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J Am Heart Assoc. 2012 Apr;1(2). pii: jah3-e000422. doi: 10.1161/JAHA.111.000422. Epub 2012 Apr 24.

Carotid Intima-Media Thickness Progression in HIV-Infected Adults Occurs Preferentially at the Carotid Bifurcation and Is Predicted by Inflammation.

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Divisions of Cardiology, University of California San Francisco (P.Y.H., A.S., A.F.B., K.M., P.G., S.C.K.).



Shear stress gradients and inflammation have been causally associated with atherosclerosis development in carotid bifurcation regions. The mechanism underlying higher levels of carotid intima-media thickness observed among HIV-infected individuals remains unknown.


We measured carotid intima-media thickness progression and development of plaque in the common carotid, bifurcation region, and internal carotid artery in 300 HIV-infected persons and 47 controls. The median duration of follow-up was 2.4 years. When all segments were included, the rate of intima-media thickness progression was greater in HIV-infected subjects compared with controls after adjustment for traditional risk factors (0.055 vs. 0.024 mm/year, P=0.016). Rate of progression was also greater in the bifurcation region (0.067 vs. 0.025 mm/year, P=0.042) whereas differences were smaller in the common and internal regions. HIV-infected individuals had a greater incidence of plaque compared with controls in the internal (23% vs. 6.4%, P=0.0037) and bifurcation regions (34% vs. 17%, P=0.014). Among HIV-infected individuals, the rate of progression in the bifurcation region was more rapid compared with the common carotid, internal, or mean intima-media thickness; in contrast, progression rates among controls were similar at all sites. Baseline hsCRP was elevated in HIV-infected persons and was a predictor of progression in the bifurcation region.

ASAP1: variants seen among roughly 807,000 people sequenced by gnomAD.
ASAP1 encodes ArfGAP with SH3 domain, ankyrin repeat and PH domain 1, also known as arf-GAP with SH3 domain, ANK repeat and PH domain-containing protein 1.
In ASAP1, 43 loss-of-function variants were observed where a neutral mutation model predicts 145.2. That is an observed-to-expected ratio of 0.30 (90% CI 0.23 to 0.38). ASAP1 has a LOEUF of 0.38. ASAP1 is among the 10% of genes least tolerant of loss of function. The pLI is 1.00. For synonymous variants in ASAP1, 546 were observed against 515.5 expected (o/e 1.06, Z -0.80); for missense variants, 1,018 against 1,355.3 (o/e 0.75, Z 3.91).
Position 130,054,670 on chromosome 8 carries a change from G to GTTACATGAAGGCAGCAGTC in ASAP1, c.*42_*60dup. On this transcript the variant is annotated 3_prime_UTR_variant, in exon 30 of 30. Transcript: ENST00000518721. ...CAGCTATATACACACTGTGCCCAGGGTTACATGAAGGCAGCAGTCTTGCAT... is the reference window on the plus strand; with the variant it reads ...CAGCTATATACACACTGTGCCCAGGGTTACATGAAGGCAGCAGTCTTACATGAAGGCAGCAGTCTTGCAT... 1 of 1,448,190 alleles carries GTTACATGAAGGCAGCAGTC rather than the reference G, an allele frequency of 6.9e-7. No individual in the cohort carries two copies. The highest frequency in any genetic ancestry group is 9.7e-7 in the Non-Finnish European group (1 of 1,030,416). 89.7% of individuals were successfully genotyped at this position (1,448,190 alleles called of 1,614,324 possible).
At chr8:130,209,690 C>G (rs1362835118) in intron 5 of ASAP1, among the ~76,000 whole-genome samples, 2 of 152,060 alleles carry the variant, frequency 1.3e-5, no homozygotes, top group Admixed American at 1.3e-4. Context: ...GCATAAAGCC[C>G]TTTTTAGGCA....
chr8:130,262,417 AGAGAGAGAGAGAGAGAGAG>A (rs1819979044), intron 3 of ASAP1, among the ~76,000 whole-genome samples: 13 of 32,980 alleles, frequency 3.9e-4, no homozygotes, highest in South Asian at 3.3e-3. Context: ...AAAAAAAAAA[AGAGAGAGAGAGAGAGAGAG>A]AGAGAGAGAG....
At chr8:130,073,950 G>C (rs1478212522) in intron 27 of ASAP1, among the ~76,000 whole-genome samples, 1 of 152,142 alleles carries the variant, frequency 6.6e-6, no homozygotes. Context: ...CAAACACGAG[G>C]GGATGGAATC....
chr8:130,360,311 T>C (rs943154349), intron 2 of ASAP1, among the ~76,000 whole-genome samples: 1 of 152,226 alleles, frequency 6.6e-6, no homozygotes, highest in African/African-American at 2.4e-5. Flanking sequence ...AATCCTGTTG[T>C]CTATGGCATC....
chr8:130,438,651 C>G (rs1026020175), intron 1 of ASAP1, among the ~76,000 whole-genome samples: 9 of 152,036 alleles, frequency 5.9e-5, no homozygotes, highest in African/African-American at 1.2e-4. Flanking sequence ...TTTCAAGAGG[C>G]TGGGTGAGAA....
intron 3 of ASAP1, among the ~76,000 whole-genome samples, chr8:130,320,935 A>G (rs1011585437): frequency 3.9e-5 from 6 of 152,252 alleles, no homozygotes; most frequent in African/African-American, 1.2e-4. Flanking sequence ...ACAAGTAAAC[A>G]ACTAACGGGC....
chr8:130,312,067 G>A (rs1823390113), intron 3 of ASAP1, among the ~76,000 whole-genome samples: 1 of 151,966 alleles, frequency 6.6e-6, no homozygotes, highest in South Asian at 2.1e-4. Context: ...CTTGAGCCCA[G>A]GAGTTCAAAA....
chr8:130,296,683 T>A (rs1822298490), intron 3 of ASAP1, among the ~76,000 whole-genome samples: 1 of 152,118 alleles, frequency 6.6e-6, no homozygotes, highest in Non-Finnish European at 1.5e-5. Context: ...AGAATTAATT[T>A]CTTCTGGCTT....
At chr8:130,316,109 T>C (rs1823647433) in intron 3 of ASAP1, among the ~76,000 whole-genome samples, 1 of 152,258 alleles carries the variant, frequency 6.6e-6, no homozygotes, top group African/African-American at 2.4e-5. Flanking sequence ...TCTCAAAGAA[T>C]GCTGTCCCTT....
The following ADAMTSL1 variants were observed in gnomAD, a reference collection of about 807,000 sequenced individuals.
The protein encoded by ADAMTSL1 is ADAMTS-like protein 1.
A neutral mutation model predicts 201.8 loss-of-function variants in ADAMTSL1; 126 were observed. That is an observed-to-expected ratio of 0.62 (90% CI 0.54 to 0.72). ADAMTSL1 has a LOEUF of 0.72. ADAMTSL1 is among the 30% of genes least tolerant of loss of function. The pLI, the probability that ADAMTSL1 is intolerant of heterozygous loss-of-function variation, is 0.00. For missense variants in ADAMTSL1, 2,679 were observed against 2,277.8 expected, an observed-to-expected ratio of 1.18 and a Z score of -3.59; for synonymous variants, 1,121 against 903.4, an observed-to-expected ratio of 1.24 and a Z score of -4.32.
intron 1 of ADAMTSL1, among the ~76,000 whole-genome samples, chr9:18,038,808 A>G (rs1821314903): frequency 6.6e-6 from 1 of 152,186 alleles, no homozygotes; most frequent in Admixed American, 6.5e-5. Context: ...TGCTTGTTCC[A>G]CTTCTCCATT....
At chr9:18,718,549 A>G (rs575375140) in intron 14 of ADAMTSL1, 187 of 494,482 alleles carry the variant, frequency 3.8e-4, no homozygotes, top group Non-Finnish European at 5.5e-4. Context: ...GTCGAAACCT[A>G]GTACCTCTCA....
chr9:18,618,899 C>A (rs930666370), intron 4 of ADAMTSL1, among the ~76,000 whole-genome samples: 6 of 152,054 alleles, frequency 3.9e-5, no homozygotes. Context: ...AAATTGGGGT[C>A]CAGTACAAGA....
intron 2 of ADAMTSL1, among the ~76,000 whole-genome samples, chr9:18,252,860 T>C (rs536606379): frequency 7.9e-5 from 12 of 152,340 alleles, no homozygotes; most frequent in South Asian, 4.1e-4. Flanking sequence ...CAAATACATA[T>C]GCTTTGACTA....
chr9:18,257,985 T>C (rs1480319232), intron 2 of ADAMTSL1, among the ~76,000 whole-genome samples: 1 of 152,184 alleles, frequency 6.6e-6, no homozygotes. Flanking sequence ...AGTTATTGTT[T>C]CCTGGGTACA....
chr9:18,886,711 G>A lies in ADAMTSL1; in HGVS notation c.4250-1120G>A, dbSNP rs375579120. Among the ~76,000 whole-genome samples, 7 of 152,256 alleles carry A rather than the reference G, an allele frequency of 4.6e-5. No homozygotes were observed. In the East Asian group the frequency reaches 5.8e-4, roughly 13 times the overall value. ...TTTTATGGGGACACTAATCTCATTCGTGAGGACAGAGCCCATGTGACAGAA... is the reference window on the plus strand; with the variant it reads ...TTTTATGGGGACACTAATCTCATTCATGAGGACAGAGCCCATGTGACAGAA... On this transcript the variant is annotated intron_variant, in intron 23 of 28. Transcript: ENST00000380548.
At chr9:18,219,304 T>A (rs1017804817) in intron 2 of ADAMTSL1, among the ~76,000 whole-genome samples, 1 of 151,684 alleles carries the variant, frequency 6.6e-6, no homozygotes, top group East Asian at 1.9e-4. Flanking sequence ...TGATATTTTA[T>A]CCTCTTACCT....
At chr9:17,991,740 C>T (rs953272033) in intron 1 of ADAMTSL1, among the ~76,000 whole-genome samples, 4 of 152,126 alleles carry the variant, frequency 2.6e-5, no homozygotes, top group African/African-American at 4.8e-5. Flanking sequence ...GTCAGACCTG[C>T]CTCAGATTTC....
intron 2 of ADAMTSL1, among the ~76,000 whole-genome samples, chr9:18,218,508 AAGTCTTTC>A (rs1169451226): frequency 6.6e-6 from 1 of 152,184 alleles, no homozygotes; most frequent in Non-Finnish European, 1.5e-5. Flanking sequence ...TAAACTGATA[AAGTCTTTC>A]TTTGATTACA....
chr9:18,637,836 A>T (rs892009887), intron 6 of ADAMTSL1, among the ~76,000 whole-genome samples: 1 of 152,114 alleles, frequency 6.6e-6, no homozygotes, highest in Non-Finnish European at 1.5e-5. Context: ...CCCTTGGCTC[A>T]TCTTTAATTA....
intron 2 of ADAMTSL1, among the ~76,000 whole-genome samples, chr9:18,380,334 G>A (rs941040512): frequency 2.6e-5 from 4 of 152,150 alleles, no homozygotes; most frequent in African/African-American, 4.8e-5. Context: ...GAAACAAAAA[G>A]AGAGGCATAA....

Atherosclerosis progresses preferentially in the carotid bifurcation region in HIV-infected individuals. hsCRP, a marker of inflammation, is elevated in HIV and is associated with progression in the bifurcation region. These data are consistent with a model in which the interplay between hemodynamic shear stresses and HIV-associated inflammation contribute to accelerated atherosclerosis. (J Am Heart Assoc. 2012;1:jah3-e000422 doi: 10.1161/JAHA.111.000422.)


URL: Unique identifier: NCT01519141.


AIDS; atherosclerosis; carotid arteries; inflammation

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